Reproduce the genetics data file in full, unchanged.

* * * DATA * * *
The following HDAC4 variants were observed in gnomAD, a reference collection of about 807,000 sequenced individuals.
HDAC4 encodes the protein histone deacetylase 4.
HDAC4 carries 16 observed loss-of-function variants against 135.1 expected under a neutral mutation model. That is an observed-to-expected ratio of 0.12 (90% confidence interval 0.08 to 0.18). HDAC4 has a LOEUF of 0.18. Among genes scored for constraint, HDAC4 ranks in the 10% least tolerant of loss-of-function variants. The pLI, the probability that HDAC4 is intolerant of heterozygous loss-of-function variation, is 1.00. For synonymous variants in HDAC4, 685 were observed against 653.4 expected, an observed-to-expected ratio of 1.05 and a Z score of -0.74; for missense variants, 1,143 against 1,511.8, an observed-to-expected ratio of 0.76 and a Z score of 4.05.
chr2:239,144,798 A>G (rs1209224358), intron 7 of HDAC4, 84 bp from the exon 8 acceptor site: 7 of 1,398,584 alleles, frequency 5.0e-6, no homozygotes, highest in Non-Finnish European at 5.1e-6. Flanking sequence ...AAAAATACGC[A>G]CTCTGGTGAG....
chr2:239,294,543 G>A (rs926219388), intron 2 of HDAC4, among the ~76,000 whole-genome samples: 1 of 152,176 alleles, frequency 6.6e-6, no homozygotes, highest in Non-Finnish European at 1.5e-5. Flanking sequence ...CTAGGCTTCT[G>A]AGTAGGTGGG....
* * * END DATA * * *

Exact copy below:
The following HDAC4 variants were observed in gnomAD, a reference collection of about 807,000 sequenced individuals.
HDAC4 encodes the protein histone deacetylase 4.
HDAC4 carries 16 observed loss-of-function variants against 135.1 expected under a neutral mutation model. That is an observed-to-expected ratio of 0.12 (90% confidence interval 0.08 to 0.18). HDAC4 has a LOEUF of 0.18. Among genes scored for constraint, HDAC4 ranks in the 10% least tolerant of loss-of-function variants. The pLI, the probability that HDAC4 is intolerant of heterozygous loss-of-function variation, is 1.00. For synonymous variants in HDAC4, 685 were observed against 653.4 expected, an observed-to-expected ratio of 1.05 and a Z score of -0.74; for missense variants, 1,143 against 1,511.8, an observed-to-expected ratio of 0.76 and a Z score of 4.05.
chr2:239,144,798 A>G (rs1209224358), intron 7 of HDAC4, 84 bp from the exon 8 acceptor site: 7 of 1,398,584 alleles, frequency 5.0e-6, no homozygotes, highest in Non-Finnish European at 5.1e-6. Flanking sequence ...AAAAATACGC[A>G]CTCTGGTGAG....
chr2:239,294,543 G>A (rs926219388), intron 2 of HDAC4, among the ~76,000 whole-genome samples: 1 of 152,176 alleles, frequency 6.6e-6, no homozygotes, highest in Non-Finnish European at 1.5e-5. Flanking sequence ...CTAGGCTTCT[G>A]AGTAGGTGGG....